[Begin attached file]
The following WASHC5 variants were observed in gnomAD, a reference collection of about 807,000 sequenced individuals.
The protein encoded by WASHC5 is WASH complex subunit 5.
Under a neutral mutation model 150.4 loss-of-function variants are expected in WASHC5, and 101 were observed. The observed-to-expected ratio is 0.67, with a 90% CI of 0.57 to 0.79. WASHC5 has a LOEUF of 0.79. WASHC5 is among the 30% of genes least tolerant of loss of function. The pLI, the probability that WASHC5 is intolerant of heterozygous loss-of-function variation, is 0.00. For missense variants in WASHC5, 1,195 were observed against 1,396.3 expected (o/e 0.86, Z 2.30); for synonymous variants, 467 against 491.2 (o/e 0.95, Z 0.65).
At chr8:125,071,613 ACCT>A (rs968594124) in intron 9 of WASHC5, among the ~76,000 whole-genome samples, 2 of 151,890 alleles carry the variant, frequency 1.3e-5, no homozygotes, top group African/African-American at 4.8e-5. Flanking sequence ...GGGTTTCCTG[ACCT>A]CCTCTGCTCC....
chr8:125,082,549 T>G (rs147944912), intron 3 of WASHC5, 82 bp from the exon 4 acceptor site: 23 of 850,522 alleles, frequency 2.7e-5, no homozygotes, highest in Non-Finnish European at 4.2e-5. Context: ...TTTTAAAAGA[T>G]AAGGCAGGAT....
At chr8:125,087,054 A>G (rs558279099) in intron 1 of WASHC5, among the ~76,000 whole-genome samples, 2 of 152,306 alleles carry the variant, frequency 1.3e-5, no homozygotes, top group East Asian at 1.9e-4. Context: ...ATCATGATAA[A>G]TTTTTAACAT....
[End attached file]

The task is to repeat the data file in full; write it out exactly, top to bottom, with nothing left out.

The following WASHC5 variants were observed in gnomAD, a reference collection of about 807,000 sequenced individuals.
The protein encoded by WASHC5 is WASH complex subunit 5.
Under a neutral mutation model 150.4 loss-of-function variants are expected in WASHC5, and 101 were observed. The observed-to-expected ratio is 0.67, with a 90% CI of 0.57 to 0.79. WASHC5 has a LOEUF of 0.79. WASHC5 is among the 30% of genes least tolerant of loss of function. The pLI, the probability that WASHC5 is intolerant of heterozygous loss-of-function variation, is 0.00. For missense variants in WASHC5, 1,195 were observed against 1,396.3 expected (o/e 0.86, Z 2.30); for synonymous variants, 467 against 491.2 (o/e 0.95, Z 0.65).
At chr8:125,071,613 ACCT>A (rs968594124) in intron 9 of WASHC5, among the ~76,000 whole-genome samples, 2 of 151,890 alleles carry the variant, frequency 1.3e-5, no homozygotes, top group African/African-American at 4.8e-5. Flanking sequence ...GGGTTTCCTG[ACCT>A]CCTCTGCTCC....
chr8:125,082,549 T>G (rs147944912), intron 3 of WASHC5, 82 bp from the exon 4 acceptor site: 23 of 850,522 alleles, frequency 2.7e-5, no homozygotes, highest in Non-Finnish European at 4.2e-5. Context: ...TTTTAAAAGA[T>G]AAGGCAGGAT....
At chr8:125,087,054 A>G (rs558279099) in intron 1 of WASHC5, among the ~76,000 whole-genome samples, 2 of 152,306 alleles carry the variant, frequency 1.3e-5, no homozygotes, top group East Asian at 1.9e-4. Context: ...ATCATGATAA[A>G]TTTTTAACAT....